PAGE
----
The Federal Reserve can begin to lower borrowing costs by measures known as Quantitative Easing (QE). These were adopted by the Bank of Japan in March, 2001, and by the Bank of England last week. QE does not mean 'printing money' - this is a widespread misunderstanding. (For more on QE, click here.) QE will help to lower interest rates and therefore borrowing costs. Governor Ben Bernanke is still ignoring the experience of Japan and the way in which QE was used to lower rates and loosen the grip of insolvency on the economy.

The author of the above tells us more about QE here. A related idea was proposed last fall by the Reagan Republican Martin Feldstein, who has been highly critical of the Rubin/Summers/Paulson/Geithner cabal for a long time. His idea is that the government should give large long-term loans to homeowners to replace large chunks of mortgages that have become prohibitively costly. In cases where the mortgage has become larger than the market-value of the house, the government would pay the banks directly the replaced part of the mortgage loan, and the homeowner would then pay the government at a much lower interest rate over a much longer period of time. This would drastically cut the cost of the homeowners' debt, would make sure the banks get some of the value of the mortgage, and keep homes from going into foreclosure -- which leaves the debt unpaid and depresses the value of homes still further (by creating yet another empty house). Helping people to pay mortgages would stabilize the housing market -- which needed to crash but is in danger of entering a deflationary spiral, where people stop buying in anticipation of further falls in prices.

The basic idea is that debts need to be repaid, and the cost of debt is prohibitively high. The non-payment of debts causes household bankruptcy and/or forces companies to cut costs (i.e., jobs). High real interest rates keep money from being spent. Until the paralysis is broken, Obama's stimulus is pitifully irrelevant.

The Feldstein piece is probably the clearest account of the subprime crisis that I've read.

are we there yet? 

Martin Wolf plays Creon in the FT as we approach Capitalism's anagnorisis:

Another ideological god has failed. The assumptions that ruled policy and politics over three decades suddenly look as outdated as revolutionary socialism.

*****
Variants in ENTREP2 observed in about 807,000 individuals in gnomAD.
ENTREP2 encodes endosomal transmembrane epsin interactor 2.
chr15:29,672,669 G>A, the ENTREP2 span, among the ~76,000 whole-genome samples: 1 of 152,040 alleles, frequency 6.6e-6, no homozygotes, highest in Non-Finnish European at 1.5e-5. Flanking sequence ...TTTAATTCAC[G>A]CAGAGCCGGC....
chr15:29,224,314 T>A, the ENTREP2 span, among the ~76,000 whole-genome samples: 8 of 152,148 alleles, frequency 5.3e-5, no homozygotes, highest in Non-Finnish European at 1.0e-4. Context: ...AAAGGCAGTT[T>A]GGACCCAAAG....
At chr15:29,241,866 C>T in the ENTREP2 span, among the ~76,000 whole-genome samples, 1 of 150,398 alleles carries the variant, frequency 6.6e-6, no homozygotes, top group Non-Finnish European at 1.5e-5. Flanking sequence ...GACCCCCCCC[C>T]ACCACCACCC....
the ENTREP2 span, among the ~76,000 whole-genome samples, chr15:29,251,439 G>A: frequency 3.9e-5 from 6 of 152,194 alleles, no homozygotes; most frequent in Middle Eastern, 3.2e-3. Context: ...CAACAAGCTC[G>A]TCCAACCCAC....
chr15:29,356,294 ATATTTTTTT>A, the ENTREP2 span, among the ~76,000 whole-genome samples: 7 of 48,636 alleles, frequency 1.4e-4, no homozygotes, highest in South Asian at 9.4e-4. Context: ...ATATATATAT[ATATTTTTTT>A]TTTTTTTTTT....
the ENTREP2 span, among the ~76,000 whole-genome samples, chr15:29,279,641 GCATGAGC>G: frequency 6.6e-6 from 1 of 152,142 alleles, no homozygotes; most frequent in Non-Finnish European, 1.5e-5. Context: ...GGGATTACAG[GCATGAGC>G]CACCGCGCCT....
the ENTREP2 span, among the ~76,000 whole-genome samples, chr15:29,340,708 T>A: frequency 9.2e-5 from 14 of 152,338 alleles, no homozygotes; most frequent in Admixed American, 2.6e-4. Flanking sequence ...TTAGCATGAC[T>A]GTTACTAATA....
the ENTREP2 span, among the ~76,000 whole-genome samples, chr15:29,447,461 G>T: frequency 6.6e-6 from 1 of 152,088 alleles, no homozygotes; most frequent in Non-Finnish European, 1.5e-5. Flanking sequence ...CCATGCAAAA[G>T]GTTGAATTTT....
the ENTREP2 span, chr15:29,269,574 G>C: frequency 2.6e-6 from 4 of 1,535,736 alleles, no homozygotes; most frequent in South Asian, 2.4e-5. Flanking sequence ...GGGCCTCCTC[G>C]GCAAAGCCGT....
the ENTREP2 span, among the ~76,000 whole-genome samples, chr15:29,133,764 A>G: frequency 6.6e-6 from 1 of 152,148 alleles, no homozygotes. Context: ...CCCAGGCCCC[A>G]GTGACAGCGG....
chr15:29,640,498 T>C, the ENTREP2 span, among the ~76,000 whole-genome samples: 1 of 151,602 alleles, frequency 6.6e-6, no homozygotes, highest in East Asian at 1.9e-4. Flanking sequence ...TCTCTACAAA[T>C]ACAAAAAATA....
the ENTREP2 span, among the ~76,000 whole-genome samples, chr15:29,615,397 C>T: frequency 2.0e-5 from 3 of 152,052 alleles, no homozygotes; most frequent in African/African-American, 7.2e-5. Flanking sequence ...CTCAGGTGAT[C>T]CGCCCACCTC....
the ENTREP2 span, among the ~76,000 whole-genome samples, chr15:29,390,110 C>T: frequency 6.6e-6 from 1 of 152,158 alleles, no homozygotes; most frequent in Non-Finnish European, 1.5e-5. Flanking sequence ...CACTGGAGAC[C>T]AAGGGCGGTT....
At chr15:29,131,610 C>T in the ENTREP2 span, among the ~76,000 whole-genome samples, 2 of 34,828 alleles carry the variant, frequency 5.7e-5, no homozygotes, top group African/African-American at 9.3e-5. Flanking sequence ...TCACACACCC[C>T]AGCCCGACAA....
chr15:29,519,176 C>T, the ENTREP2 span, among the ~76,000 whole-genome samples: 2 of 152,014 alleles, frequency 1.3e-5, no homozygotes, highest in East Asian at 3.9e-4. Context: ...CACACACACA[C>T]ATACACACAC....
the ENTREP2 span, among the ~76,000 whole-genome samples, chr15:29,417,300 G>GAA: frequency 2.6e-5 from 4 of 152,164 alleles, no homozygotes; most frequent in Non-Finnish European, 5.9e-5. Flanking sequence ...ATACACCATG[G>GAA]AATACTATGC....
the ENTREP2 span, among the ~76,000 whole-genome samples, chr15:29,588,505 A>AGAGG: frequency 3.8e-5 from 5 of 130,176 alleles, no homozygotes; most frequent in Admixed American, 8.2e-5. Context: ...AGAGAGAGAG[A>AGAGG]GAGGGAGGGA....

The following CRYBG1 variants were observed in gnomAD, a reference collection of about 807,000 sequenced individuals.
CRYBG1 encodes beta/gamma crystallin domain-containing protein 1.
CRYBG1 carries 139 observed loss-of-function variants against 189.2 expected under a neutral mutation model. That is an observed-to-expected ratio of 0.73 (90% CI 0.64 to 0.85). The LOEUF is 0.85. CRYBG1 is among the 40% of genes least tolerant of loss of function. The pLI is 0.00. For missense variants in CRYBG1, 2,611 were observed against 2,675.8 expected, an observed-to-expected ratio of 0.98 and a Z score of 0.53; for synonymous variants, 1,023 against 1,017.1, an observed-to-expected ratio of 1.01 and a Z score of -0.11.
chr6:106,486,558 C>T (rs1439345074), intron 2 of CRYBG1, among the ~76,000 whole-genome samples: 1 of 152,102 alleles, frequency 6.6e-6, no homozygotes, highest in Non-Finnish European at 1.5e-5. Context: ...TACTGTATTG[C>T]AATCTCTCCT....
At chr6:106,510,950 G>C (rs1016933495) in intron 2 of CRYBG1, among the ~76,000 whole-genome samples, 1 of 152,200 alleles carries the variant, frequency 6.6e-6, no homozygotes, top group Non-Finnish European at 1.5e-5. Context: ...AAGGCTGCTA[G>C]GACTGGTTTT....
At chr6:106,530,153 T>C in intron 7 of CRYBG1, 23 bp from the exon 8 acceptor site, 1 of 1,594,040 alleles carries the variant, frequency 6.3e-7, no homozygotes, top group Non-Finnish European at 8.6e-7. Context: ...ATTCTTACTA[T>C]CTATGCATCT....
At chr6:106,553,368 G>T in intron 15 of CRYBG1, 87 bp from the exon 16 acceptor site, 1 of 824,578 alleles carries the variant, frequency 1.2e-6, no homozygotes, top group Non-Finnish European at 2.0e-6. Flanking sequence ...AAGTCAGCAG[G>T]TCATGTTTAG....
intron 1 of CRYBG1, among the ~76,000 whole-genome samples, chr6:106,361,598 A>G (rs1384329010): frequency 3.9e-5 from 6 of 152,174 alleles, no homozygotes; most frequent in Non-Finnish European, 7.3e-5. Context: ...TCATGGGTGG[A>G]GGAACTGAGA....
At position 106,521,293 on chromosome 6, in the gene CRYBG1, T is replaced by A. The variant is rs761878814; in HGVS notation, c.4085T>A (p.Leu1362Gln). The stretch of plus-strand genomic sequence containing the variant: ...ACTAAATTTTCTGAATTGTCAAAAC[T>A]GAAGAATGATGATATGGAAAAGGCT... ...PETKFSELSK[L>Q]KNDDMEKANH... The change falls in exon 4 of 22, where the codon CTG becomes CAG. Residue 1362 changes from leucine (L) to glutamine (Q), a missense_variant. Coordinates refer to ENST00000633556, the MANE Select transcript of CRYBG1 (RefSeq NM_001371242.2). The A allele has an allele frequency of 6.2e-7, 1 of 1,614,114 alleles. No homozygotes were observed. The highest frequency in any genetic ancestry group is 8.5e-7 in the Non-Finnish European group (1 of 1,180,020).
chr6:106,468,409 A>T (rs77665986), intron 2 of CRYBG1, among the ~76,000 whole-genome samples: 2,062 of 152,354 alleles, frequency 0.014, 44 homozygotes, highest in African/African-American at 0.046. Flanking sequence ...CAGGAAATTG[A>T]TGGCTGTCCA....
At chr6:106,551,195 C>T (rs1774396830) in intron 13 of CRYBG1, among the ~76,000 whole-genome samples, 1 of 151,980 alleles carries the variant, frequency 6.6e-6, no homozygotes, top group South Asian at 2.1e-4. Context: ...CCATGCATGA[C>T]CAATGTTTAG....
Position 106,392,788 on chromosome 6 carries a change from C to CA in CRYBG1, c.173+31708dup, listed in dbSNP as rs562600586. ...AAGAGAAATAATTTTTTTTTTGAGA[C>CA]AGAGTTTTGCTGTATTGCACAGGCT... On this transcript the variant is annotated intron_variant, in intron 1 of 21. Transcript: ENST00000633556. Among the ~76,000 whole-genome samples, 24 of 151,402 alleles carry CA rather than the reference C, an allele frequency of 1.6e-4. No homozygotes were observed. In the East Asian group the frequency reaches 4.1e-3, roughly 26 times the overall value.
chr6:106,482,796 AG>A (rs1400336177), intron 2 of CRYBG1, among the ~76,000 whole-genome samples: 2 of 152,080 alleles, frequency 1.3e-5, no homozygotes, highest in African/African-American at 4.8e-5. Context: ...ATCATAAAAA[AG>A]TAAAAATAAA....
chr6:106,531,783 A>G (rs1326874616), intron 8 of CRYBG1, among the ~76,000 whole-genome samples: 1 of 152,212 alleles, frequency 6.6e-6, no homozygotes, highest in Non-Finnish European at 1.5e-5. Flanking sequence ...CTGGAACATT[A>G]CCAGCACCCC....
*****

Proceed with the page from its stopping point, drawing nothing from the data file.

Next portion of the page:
Only in this version, upon learning of his crimes Oedipus struggles mightily to keep his throne. Probably a lost play penned by the bastard child of Euripides and Aristophanes.

I particularly like the "editor's choice" sidebar which featured:

In depth: The Future of Capitalism
Comment: A failure to control the Animal Spirits
Editorial: A survival plan for global capitalism

"Animal Spirits" !!!!!!

Tomorrow in FT:

In depth: Whaddrewegunnadoooo?
Comment: Must...control...the...bad...magic!!!
Editorial: No seriously, whaddrewegunnado?

I love the smell of capitalist ideological disarray and existential panic in the morning. Smells like...possibility.

Sunday, March 08, 2009

Steep decline 

Ok Scats, you may be right-- perhaps they are already harmless/charming.

Hilarious, appalling, etc. Rightly located in the NYT's "Fashion and Style" section.

If the Republicans are so desperate and brain-dead that they will trot out a ringer for the kid from Freaks and Geeks, then Obama has a lot more leeway than the networks are letting on. From Bobby Jindal to Sarah Palin to this poor, home-schooled specimen to Rush to Michael Steele to whatever cuddly animal with speech the party comes up with next, two things are clear: they are in the Baroque phase of headline-begging, in which any absurdity will do, and their messages are utterly devoid of substance and can only be uttered by parrots and fools.

Why do all these idiots lose out? W. wore out their welcome before they even popped up on the screen. One human flapjack will do per generation.